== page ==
4. Note that the classification of types of services is independent from the one used to assign firms to sectors of economic activity. Firms are officially classified in a sector of CAE according to their main reported activity and import and/or export one or more of the 29 types of services of the EBOPS classification.

  5. Since the differences between one-way and two-way traders are often large, the log approximation understates the size of these gaps. For example, taking exponents of the employment coefficient in column (1) of Table 2, two-way traders have, on average, 107.9 percent more employment (100 ∗ (exp(0.732) − 1) = 107.9).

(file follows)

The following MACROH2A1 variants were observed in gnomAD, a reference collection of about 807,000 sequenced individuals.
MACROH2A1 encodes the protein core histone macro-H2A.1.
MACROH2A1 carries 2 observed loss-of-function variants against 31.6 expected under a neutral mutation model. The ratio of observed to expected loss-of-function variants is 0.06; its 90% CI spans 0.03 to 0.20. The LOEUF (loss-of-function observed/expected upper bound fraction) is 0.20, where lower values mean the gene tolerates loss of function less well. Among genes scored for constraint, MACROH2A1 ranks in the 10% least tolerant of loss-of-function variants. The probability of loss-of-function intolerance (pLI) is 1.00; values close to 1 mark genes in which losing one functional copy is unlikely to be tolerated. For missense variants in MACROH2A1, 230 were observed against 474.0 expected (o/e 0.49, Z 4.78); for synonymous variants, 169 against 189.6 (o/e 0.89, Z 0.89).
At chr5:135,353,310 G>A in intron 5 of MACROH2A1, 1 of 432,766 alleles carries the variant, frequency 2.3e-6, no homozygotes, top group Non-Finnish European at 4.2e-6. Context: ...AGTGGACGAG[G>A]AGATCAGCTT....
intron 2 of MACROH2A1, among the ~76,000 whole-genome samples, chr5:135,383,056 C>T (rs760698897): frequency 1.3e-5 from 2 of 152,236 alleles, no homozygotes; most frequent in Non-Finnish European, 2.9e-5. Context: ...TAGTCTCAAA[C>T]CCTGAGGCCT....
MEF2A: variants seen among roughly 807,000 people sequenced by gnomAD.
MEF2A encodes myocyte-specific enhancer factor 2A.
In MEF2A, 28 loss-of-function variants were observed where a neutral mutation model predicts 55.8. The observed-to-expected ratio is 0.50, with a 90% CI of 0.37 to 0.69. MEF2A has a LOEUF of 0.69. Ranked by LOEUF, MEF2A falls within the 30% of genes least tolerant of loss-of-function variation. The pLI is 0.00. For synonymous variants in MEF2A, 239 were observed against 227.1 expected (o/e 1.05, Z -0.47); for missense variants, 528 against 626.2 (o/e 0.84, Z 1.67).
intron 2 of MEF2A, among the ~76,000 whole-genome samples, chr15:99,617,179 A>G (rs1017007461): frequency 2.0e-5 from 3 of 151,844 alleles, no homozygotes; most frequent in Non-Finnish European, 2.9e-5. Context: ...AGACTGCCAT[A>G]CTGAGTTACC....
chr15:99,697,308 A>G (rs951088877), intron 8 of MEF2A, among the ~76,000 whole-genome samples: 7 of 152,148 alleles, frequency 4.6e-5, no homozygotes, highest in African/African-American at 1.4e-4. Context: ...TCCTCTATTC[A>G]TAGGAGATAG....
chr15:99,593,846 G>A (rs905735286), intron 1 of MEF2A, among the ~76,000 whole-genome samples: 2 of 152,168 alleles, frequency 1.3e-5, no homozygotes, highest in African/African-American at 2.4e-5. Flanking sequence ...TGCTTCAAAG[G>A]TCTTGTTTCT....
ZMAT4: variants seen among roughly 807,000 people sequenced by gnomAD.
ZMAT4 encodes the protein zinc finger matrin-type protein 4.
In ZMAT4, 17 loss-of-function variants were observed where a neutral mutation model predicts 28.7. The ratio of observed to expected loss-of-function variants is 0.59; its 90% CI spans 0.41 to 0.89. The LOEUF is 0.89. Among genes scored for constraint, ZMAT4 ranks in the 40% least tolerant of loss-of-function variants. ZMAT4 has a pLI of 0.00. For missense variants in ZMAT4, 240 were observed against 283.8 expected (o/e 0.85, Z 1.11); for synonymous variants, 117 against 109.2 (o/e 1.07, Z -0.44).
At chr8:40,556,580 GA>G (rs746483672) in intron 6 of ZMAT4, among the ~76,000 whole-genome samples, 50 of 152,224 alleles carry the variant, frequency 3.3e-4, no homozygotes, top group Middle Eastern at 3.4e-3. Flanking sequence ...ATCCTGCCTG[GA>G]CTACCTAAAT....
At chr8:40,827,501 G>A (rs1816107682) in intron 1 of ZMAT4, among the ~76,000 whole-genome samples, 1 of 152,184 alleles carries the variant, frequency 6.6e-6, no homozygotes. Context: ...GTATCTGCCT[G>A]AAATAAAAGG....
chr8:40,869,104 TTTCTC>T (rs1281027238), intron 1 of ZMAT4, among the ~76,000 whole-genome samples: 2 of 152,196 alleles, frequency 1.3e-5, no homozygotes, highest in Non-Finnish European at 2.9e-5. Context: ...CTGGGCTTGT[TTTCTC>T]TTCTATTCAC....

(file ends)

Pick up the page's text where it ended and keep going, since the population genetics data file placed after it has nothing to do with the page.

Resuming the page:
6. Appendix E includes some basic descriptive statistics on the three margins of firm-level trade.

  7. We also estimated Eq. 1 including interactions between all variables considered and a dummy variable identifying two-way traders. The coefficients estimated from the fully interacted model and from the separate regressions for one-way and two-way traders presented in Table 5 are equivalent, even if the variance of the different types of traders is allowed to differ in the separate regressions. From the fully interacted model, we can see that the contributions of the three margins differ between the two types of traders in a statistically significant way for both exports and imports at a level of significance of 0.1 percent. All results are available from the authors upon request.